Originally posted 2012-07-09 13:55:32. Republished by Blog Post Promoter
Another installment, unplanned but utterly unsurprising, in the Stupid Lawsuit series — see my most recent previous post. Tim Bukher takes apart the widely-reported HEART ATTACK SANDWICH and TRIPLE BYPASS BURGER decision over at his blog. Tim’s bullet points:
This is an interesting trademark dispute for several reasons:
- A Nevada-based restaurant attempted to stop a New York-based deli from using a potentially similar mark yet neither party has or seemingly intends to do business in the other’s state.
- The Court concludes that restaurants and deli are sufficiently different that a consumer can tell the difference (we do not often see courts giving consumers such props for their intelligence).
- The Court grants concurrent use.
- The Court notes that this case only came about because defendant sent plaintiff an overly aggressive cease and desist letter (thus overlawyering rears its ugly head and loses the client some of its rights).
“Interesting?” More like, you know — stupid! Not the decision, mind you, though it does essentially says “stupid” all over it in reference to the litigation ever having to happen. But yes, the fact that it happened, and that someone had to pay for it to happen — that’s just stupid.
Some interesting, non-stupid things did happen though, such as this bit:
[T]here are other differences that separate the marks. HAG and the Deli pitch for vastly different customers. HAG proudly represents (even in its court papers) that its food is unhealthful. It even draws attention to the fact of a customer who had a heart attack while on the premises. Its food is served by scantily clad waitresses dressed like nurses, as part of its overall “medical”—perhaps better cast as “paramedic”—theme. The [Second Avenue] Deli, by contrast, is a kosher deli which serves kosher food in the style of a traditional Manhattan deli. Its offerings, other than the Instant Heart Attack Sandwich, do not trumpet their unhealthfulness; and its marketing does not remotely resemble that of HAG’s. Further, being a kosher deli, the Deli could not serve sandwiches containing both meat and cheese. This factor thus strongly favors a finding of no confusion. . . .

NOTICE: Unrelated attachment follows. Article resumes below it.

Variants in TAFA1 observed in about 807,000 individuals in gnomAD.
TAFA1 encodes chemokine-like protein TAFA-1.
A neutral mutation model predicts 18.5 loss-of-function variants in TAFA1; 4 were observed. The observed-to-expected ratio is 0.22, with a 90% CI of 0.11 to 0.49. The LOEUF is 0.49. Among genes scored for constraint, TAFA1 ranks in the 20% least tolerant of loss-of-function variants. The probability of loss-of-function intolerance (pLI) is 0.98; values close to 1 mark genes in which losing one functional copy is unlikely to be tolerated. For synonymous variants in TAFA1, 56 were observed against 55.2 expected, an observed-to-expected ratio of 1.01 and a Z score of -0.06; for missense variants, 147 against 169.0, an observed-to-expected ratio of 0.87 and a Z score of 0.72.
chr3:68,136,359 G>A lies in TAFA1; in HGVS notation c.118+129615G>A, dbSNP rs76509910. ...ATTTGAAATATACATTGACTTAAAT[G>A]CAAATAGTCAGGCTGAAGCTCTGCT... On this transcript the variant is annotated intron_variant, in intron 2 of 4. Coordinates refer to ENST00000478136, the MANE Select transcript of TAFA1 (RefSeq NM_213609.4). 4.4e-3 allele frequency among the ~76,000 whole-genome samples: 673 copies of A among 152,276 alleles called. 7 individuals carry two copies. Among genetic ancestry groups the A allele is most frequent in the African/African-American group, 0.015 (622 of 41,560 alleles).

Although the record does not permit the Court to assess the sophistication of the patrons of the Deli and HAG, it is safe to say that even an unsophisticated customer could readily differentiate between a Manhattan kosher deli and its latke-based sandwich and a Las Vegas “medically themed” restaurant that features gluttonous cheeseburgers. Such a customer also presumably can differentiate between a restaurant bearing a “heart attack” name and a sandwich with a similar name.
What happened to “bridging the gap“? Is that a stupid question? Not at all: The court addresses it and says the gap between Las Vegas and New York is, in this case, not presently likely to be bridged. In short, these sandwiches don’t compete with each other.
I actually do find somewhat surprising the court’s conclusion that factors such as the differences between the content of the sandwiches and the environments in which they’re served tend toward a finding of no LIKELIHOOD OF CONFUSION. They are, after all, both sandwiches. In many respects there is a substantial likelihood of excessively stupid thought about this question. But the judge does discuss the relevant factors, which include concurrent use and geographic scope questions, extensively.
In fact, Judge Englemayer’s opinion is actually a very good guide to non-stupid issues involving priority of use and the rights that come with trademark registration, for it arose in the context of a PTO Office Action denying the Deli’s application to register Second Avenue Deli’s TRIPLE BYPASS SANDWICH because it was likely to be confused with HAG’s TRIPLE BYPASS BURGER mark. Hilarity — and no small amount of stupidity — ensued, as the court explains in great detail.
Was it such a stupid lawsuit, just because it was over sandwiches (or burgers, which are really sandwiches, after all)? The fact is, most trademark cases sound “stupid” to a lot of judges who are more impressed to have “their time” consumed by respectable financial disputes or crime and who do not enjoy writing decisions involving often silly-sounding brand names or animal logos or names of meals — and too often, their written opinions show it.
Turns out this is not such a stupid case at all, because a judge in the Southern District of New York, while not reluctant to chastise counsel over litigation-posturing-stupidity gone out of control, gave the time of day to some bona fide trademark issues arising out of a stupid food fight. Stupid is, in fact, as stupid does — and vice-versa.